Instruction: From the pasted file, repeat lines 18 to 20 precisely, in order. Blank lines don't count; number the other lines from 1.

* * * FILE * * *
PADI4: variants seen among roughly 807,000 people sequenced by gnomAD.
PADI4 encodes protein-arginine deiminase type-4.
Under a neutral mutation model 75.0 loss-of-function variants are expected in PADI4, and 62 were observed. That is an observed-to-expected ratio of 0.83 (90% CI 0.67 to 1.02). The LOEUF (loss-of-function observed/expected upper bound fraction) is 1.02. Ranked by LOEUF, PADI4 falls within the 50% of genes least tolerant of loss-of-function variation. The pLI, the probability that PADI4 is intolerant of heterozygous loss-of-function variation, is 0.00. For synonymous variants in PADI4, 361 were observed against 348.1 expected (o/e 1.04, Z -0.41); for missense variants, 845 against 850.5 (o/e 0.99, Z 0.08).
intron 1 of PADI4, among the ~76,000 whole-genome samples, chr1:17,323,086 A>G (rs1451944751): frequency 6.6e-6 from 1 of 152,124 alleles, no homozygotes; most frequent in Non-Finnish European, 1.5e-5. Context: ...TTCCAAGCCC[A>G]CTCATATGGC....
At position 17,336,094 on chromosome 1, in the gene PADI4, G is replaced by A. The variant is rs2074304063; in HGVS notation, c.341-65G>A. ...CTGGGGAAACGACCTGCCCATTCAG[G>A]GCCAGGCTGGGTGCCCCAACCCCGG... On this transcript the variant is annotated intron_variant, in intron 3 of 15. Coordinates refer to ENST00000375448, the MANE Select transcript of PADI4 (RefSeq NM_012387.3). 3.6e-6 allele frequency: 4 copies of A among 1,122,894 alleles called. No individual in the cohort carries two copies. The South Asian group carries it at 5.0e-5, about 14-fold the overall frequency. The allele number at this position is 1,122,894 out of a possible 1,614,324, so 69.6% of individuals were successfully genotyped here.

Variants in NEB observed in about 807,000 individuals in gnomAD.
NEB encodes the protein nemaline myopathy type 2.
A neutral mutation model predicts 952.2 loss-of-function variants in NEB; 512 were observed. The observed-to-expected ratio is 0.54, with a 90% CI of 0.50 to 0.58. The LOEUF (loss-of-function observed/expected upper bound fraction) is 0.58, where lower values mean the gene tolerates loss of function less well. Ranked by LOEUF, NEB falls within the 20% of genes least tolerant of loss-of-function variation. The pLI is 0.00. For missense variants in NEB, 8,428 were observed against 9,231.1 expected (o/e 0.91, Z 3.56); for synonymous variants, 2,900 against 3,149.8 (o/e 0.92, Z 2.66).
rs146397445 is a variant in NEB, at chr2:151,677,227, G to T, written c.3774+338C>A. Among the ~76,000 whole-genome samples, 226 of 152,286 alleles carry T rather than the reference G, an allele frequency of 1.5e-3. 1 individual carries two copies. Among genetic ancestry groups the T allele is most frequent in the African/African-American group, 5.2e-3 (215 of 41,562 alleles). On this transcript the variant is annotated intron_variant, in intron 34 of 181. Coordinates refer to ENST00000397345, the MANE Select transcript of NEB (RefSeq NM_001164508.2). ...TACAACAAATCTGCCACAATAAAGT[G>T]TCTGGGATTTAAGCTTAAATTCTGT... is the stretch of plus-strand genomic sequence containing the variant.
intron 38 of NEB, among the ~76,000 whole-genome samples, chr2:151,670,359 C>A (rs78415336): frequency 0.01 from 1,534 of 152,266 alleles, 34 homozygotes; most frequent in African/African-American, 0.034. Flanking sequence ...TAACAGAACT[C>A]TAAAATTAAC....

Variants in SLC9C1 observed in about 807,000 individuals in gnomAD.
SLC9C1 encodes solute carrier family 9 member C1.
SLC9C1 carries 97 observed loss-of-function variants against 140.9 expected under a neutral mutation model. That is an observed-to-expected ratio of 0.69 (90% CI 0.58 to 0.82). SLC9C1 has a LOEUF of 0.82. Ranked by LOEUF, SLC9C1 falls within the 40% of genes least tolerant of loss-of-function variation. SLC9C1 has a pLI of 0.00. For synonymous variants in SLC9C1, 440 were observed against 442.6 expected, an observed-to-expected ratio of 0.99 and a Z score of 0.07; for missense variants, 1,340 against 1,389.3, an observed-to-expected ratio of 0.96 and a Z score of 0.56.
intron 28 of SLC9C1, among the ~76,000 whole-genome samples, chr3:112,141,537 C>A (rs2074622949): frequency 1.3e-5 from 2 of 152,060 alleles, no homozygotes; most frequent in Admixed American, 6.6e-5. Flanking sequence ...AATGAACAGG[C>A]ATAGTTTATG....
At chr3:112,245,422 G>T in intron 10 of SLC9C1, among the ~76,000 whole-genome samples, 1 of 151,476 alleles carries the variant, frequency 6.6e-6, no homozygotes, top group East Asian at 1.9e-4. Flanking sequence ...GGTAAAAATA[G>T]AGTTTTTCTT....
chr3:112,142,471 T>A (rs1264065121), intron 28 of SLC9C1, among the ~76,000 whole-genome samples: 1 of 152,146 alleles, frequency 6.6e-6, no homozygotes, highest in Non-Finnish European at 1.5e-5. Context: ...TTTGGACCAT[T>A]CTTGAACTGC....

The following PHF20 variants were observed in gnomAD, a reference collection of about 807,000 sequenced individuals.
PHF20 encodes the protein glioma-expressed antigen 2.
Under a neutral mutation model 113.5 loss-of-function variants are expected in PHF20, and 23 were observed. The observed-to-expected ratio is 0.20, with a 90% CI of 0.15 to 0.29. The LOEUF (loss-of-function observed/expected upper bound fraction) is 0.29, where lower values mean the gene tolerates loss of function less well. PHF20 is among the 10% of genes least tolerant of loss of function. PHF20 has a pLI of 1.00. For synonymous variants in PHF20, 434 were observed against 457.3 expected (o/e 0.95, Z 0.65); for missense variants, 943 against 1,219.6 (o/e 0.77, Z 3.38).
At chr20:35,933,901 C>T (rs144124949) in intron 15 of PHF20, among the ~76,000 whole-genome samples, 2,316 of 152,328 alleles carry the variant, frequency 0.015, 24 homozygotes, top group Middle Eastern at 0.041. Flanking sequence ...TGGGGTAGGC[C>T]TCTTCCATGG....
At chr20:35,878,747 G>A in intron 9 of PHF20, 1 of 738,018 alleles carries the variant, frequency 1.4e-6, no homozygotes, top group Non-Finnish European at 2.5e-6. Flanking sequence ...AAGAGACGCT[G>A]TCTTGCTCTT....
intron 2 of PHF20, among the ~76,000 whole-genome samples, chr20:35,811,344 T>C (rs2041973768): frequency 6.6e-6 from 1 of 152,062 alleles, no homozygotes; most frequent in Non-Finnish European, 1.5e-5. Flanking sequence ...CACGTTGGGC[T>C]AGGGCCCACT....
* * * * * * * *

PHF20 encodes the protein glioma-expressed antigen 2.
Under a neutral mutation model 113.5 loss-of-function variants are expected in PHF20, and 23 were observed. The observed-to-expected ratio is 0.20, with a 90% CI of 0.15 to 0.29. The LOEUF (loss-of-function observed/expected upper bound fraction) is 0.29, where lower values mean the gene tolerates loss of function less well. PHF20 is among the 10% of genes least tolerant of loss of function. PHF20 has a pLI of 1.00. For synonymous variants in PHF20, 434 were observed against 457.3 expected (o/e 0.95, Z 0.65); for missense variants, 943 against 1,219.6 (o/e 0.77, Z 3.38).
At chr20:35,933,901 C>T (rs144124949) in intron 15 of PHF20, among the ~76,000 whole-genome samples, 2,316 of 152,328 alleles carry the variant, frequency 0.015, 24 homozygotes, top group Middle Eastern at 0.041. Flanking sequence ...TGGGGTAGGC[C>T]TCTTCCATGG....